Does Virtual Really Work for Lawyers?
Five Unexpected Benefits of the New Way of Working.
Ten months post COVID-19 invasion, the question I’m asked most is whether working virtually actually works for lawyers.
The short answer? Yes, it does.
Let’s back things up. While sitting in the dark in March and April, I was unsure about how to keep working up cases, running focus groups, and preparing clients. I cancelled all in-person focus groups for April with the hope that we’d be back in action in May. WRONG! It’s now January and there are still no expectations of being able to get folks together in a room for a deposition or focus group anytime soon.
In May, I started to experiment with virtual focus groups and client preparation. I ran two virtual test focus groups and haven’t looked back. Since then, I have held over twenty successful virtual focus groups. Using Zoom, I have prepared multiple clients across the U.S. from McAllen, Texas to Seattle, Washington. I have learned a lot and continue to tweak the process to get results.
Here are five unexpected benefits for lawyers when working virtually:
- Comfort. No one has to leave their home or office and go to a new environment. Everyone is in their own element, without concerns about getting lost or fears associated with a new experience.
- Ease of use. You can quickly jump into a virtual meeting with just a few clicks! Meetings are easily recorded to your computer or the cloud. Screen sharing provides quick access to your computer and your materials.
- Enhanced efficiency. Pre-COVID, time was set aside for folks to arrive, get situated, eat/drink snacks provided, and find restrooms. With virtual, everyone is ready to start at the designated time because they are at home, surrounded by anything they may need, so you can get more quality time with participants and clients.
- Unique focus group feedback. Folks are paying attention and giving solid responses. Participants’ facial expressions are captured by the technology, which is great for replays! And, it is possible to learn more details about participants through viewing their home space.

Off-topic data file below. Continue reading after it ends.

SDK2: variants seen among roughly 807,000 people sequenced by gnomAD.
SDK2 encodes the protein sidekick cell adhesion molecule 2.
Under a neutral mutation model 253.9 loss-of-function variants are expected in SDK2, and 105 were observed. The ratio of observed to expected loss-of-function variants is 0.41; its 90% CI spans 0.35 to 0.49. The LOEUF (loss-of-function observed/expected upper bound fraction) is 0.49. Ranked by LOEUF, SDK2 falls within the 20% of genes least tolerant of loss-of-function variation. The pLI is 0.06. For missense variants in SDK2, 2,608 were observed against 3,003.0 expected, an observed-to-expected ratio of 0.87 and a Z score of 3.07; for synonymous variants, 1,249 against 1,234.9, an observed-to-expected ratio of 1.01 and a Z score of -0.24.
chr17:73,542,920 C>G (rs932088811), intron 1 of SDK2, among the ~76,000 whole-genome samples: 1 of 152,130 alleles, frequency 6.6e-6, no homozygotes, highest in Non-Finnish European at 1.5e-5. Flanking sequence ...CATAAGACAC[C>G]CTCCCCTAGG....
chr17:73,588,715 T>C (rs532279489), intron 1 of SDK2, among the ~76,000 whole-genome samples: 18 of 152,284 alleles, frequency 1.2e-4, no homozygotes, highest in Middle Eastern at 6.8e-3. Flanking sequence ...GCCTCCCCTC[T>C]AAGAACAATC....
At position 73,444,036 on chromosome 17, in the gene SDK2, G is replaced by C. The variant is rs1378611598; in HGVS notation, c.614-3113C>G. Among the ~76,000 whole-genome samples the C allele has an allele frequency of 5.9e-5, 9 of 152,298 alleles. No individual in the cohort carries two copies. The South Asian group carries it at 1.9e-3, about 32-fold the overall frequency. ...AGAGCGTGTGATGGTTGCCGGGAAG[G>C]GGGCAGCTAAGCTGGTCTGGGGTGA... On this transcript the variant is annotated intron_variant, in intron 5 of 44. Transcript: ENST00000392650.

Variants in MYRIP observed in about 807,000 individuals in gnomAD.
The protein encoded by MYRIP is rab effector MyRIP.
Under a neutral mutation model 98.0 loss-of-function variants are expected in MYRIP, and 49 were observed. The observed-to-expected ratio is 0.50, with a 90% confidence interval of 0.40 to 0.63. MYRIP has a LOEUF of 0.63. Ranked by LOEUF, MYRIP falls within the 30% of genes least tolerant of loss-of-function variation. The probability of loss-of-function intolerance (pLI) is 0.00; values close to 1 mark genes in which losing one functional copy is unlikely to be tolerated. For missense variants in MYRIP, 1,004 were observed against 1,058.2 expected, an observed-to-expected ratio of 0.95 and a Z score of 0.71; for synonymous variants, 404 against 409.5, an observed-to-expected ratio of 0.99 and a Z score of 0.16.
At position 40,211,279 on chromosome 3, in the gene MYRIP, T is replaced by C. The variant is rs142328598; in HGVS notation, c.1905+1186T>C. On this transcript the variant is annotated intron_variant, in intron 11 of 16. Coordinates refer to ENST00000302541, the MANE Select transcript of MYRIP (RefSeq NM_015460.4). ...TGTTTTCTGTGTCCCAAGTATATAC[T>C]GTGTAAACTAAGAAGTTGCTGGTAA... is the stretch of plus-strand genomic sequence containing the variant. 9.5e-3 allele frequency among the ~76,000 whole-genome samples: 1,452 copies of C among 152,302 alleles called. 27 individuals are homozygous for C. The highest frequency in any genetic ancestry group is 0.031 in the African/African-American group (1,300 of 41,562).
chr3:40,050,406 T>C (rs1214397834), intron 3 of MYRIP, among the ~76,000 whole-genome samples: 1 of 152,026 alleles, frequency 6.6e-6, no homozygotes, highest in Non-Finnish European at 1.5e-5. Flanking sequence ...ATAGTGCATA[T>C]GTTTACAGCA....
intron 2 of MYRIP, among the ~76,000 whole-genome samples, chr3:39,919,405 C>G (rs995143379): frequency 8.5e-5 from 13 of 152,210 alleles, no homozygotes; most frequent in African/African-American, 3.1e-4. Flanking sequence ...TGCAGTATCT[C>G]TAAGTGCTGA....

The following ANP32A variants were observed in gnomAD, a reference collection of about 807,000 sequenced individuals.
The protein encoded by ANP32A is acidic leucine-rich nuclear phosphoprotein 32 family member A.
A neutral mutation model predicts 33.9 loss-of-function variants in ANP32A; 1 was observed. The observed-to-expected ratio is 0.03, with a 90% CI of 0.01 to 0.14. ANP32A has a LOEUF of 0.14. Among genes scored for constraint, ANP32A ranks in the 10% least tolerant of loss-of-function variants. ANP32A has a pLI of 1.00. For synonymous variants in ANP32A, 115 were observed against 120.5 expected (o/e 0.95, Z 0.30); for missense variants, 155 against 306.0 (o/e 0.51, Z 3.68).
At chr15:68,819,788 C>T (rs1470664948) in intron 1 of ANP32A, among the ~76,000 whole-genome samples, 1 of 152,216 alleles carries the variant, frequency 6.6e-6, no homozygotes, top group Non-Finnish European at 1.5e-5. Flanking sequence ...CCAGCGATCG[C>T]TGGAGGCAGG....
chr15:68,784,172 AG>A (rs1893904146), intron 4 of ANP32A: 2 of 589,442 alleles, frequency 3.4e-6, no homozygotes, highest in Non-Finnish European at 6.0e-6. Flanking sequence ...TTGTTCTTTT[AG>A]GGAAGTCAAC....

- Deeper trust building with clients. Clients appreciate the extra effort to keep them safe. And, with the additional time and access due to enhanced efficiency, you can spend more time connecting with the client and can learn about their home environment. Using the virtual platform also gets them ready for virtual depositions and hearings.
Of course, virtual is not without its challenges and interruptions. The average adult attention span is 8 seconds!
Here are four few lessons learned to work around distractions during virtual meetings and focus groups:
- Project a clear image. As the meeting facilitator, you must be visible and well-lit, with proper camera angles and lighting. Learn more simple tips here.
- Set expectations up front with participants. How long will each presentation take? What is the start and end time? Will there be breaks? Are they required to keep their cameras on? What kind of questions will be asked?
- Engage everyone in the meeting. Be sure to display first names for each person and call on them individually to contribute.
- Switch up presentation styles. Ask for folks to type their feedback in the chat, instead of talking. If you use PowerPoint, switch off between sharing your screen and showing yourself every 5-7 minutes, and ask questions to individuals. Use screen sharing to break up the meeting, even if you only use it to show one picture or ask one question on the white board.
My last, but most important piece of advice to make virtual work for you is to practice! The virtual platform is a great tool to use in our law firms. But like all things, practice makes perfect! Sign up for a free Zoom account and start your own meeting to test out the features. I’m also happy to run through a free test Zoom meeting with you to show you the features, just send me an email at [email protected]